There are two types of standard language. The language we speak at home, with friends is informal. It is like casual clothes which people use on informal occasions. Formal language, on the other hand, is used in offices, businesses, and other formal occasions. It is like a suit or dress for public and formal situations.
We use formal language when we are dealing with serious business affairs. The situations which call for it include the following:
Applications for jobs
Letters to public and utility companies
Business reports and memos
Public discussions of serious issues
Formal reports (e.g. accident reports)
Oral and written reports
Discussions in conferences, seminars, assemblies, courts
In formal language we avoid slangs and informal words and sentences. Here we are more respectful, courteous, reserved, and careful. We use more resources of the language because it has more synonyms. Audience the subject seriously and pays solemn attention to the subject.
It is spoken language. It is used in private conversation and we use it in personal letters. Informal language has all-purpose words. For example boss is all-purpose word which is used informally to mean manager, director, employer, owner, gang leader or supervisor. It may be funny which may make us smile, such as cheaters which as a slang means eyes glasses.
This language is often used when you are in a hurry. To do so you use contractions, such as I’m, I’ve, she’s, it’s, we’re, ‘em. We are informal, free, and close to the reader or listener.
The following is the list of formal and informal language and words.
Formal Language: Informal Language
Manager, supervisor, director, owner: boss
A kind person, a helpful friend: a great guy
A relaxed party, a friendly party: a neat party
Police officer: cop
Out of money: broke
Exaggerate: lay it on thick
Repeat a criticism: rub it in
Get very angry: blow your top
Do something trick: pull a fast one
Spectacles: cheaters, eye glasses
Beaten badly: take a licking
A list of more informal words
I’ve, I’m, she’s, we’re, they’re, em, won’t, can’t, gym, math, champ, exam, reps, hassle, spat, pooch, buddy, con, old man, dig, polish, blab, snooze, nab.
Accounting to Herta A. Murphy and Charles E.Peck,1 in their book assert that business language including letters, memos, and reports should be informal. In the informal words they include short, well-known, and conversational words. The authors have given the list of some formal and informal words as follows:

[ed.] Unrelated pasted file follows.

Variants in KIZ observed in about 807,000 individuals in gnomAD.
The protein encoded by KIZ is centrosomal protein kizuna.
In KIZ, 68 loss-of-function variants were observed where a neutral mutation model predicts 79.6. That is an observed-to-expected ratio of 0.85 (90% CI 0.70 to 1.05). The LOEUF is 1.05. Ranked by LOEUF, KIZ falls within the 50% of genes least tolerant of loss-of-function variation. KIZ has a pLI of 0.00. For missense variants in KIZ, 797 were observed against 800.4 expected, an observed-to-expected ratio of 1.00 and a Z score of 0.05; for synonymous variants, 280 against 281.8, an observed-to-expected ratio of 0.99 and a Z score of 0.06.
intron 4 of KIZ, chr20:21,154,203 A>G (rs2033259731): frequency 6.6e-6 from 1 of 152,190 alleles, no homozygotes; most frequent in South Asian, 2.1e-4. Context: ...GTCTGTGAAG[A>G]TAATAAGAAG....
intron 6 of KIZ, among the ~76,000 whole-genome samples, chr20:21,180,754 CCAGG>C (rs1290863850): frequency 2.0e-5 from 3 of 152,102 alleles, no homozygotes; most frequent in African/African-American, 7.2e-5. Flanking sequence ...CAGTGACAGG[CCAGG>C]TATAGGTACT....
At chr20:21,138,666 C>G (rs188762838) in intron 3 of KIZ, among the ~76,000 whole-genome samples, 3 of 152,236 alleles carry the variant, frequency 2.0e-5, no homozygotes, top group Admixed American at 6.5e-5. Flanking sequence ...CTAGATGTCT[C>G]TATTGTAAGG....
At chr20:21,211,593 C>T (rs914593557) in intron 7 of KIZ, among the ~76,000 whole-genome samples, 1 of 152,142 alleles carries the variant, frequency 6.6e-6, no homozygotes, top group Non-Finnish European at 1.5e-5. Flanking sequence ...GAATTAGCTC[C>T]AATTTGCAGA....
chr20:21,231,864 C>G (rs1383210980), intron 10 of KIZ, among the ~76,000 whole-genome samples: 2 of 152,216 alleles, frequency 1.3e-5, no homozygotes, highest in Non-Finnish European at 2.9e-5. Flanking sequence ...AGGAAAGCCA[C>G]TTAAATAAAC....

Ascertain: find out
Deem: think, belive
But Hans P. Guth and Edgar H. Schuster1 in their book emphasize that the business language should be formal. According to them.
“We use formal English ourselves when we have serious business to transact. We use it when the situation calls for it. Such situations would include letters to public agencies and news papers; letters of application for jobs or scholarships; papers or oral reports in the classroom; public discussions of serious issues. In your later life, you might need to use formal English in writing memo or an accident report.”
These authors have give some interesting examples of informal English language:
Informal: Dotty can lick anyone on the other team.
Formal: Dotty can defeat anyone on the other team.
Informal: Us newcomers were made to feel real welcome.
Formal: We newcomers were made to feel really welcome.
Informal: Me and my friends are ready.
Formal: My friends and I are ready.
Informal: It looks like we are losing.
Formal: It looks as if we are losing.
Informal: We won, like we thought we would.
Formal: We won, as we thought we would.
Notice that both the books referred to above have been published by the same publisher, McGraw-Hill Book Company of the USA.
There is still another school of thought as to formality of the business language. This school belongs to james A. Lee, Advisor in Management, University of Southern California, USA, and ex-Advisor, at the Institute of Business Administration and his co-author Danishmand, ex-professor at the IBA.2 According these authors business English is less formal. In other words, it is neither purely formal nor informal.
Other authors of celebrity, as Janis and Dressner, Dumont and Lannon, Sigband and Bateman, Bowman and Branchaw, and Vervalin are silent about the formality of the business language.
Deciding on whether the business language is formal, less formal or informal is not important. The importance of the business communication lies in the fact that it must be understandable, clear, concrete, to the point and bring the efficacious, desired results
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